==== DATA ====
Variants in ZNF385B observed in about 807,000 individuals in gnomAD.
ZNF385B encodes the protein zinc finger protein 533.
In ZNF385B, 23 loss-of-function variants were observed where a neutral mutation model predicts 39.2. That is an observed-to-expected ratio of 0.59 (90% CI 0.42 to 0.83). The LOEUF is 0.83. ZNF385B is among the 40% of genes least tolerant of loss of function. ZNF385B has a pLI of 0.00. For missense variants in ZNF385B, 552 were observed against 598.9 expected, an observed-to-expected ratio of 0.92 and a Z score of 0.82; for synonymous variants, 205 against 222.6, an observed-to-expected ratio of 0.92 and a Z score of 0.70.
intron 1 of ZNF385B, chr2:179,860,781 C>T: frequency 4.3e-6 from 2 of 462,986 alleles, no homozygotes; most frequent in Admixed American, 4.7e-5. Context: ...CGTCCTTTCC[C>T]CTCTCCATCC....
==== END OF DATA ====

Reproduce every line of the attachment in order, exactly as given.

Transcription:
Variants in ZNF385B observed in about 807,000 individuals in gnomAD.
ZNF385B encodes the protein zinc finger protein 533.
In ZNF385B, 23 loss-of-function variants were observed where a neutral mutation model predicts 39.2. That is an observed-to-expected ratio of 0.59 (90% CI 0.42 to 0.83). The LOEUF is 0.83. ZNF385B is among the 40% of genes least tolerant of loss of function. ZNF385B has a pLI of 0.00. For missense variants in ZNF385B, 552 were observed against 598.9 expected, an observed-to-expected ratio of 0.92 and a Z score of 0.82; for synonymous variants, 205 against 222.6, an observed-to-expected ratio of 0.92 and a Z score of 0.70.
intron 1 of ZNF385B, chr2:179,860,781 C>T: frequency 4.3e-6 from 2 of 462,986 alleles, no homozygotes; most frequent in Admixed American, 4.7e-5. Context: ...CGTCCTTTCC[C>T]CTCTCCATCC....